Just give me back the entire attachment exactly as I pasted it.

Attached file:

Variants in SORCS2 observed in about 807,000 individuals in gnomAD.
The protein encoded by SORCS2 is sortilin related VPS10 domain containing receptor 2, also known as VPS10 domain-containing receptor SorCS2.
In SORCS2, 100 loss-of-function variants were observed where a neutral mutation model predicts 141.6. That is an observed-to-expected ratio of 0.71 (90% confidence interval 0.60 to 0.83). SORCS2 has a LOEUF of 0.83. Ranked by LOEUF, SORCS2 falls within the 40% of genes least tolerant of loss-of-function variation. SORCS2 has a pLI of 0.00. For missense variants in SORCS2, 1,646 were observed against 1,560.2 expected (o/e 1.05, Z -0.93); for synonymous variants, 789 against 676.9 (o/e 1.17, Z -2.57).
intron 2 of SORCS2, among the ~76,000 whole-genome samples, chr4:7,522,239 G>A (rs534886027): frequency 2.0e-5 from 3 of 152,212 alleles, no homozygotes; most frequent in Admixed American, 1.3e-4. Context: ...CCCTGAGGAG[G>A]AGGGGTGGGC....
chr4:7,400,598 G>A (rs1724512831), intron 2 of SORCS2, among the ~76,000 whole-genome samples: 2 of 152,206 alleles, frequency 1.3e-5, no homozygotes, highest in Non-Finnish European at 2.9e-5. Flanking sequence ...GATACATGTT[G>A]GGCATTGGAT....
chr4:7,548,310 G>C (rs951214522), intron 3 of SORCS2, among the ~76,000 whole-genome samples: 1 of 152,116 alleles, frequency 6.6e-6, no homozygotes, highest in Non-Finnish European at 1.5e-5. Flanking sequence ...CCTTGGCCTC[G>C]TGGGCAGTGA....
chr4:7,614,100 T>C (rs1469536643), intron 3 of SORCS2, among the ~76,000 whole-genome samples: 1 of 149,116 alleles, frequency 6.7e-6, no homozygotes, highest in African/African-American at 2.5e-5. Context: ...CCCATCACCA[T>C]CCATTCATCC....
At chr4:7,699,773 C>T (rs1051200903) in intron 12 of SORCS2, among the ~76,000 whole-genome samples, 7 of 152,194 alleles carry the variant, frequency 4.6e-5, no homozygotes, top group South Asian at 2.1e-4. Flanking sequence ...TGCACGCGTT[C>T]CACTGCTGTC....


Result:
Variants in SORCS2 observed in about 807,000 individuals in gnomAD.
The protein encoded by SORCS2 is sortilin related VPS10 domain containing receptor 2, also known as VPS10 domain-containing receptor SorCS2.
In SORCS2, 100 loss-of-function variants were observed where a neutral mutation model predicts 141.6. That is an observed-to-expected ratio of 0.71 (90% confidence interval 0.60 to 0.83). SORCS2 has a LOEUF of 0.83. Ranked by LOEUF, SORCS2 falls within the 40% of genes least tolerant of loss-of-function variation. SORCS2 has a pLI of 0.00. For missense variants in SORCS2, 1,646 were observed against 1,560.2 expected (o/e 1.05, Z -0.93); for synonymous variants, 789 against 676.9 (o/e 1.17, Z -2.57).
intron 2 of SORCS2, among the ~76,000 whole-genome samples, chr4:7,522,239 G>A (rs534886027): frequency 2.0e-5 from 3 of 152,212 alleles, no homozygotes; most frequent in Admixed American, 1.3e-4. Context: ...CCCTGAGGAG[G>A]AGGGGTGGGC....
chr4:7,400,598 G>A (rs1724512831), intron 2 of SORCS2, among the ~76,000 whole-genome samples: 2 of 152,206 alleles, frequency 1.3e-5, no homozygotes, highest in Non-Finnish European at 2.9e-5. Flanking sequence ...GATACATGTT[G>A]GGCATTGGAT....
chr4:7,548,310 G>C (rs951214522), intron 3 of SORCS2, among the ~76,000 whole-genome samples: 1 of 152,116 alleles, frequency 6.6e-6, no homozygotes, highest in Non-Finnish European at 1.5e-5. Flanking sequence ...CCTTGGCCTC[G>C]TGGGCAGTGA....
chr4:7,614,100 T>C (rs1469536643), intron 3 of SORCS2, among the ~76,000 whole-genome samples: 1 of 149,116 alleles, frequency 6.7e-6, no homozygotes, highest in African/African-American at 2.5e-5. Context: ...CCCATCACCA[T>C]CCATTCATCC....
At chr4:7,699,773 C>T (rs1051200903) in intron 12 of SORCS2, among the ~76,000 whole-genome samples, 7 of 152,194 alleles carry the variant, frequency 4.6e-5, no homozygotes, top group South Asian at 2.1e-4. Flanking sequence ...TGCACGCGTT[C>T]CACTGCTGTC....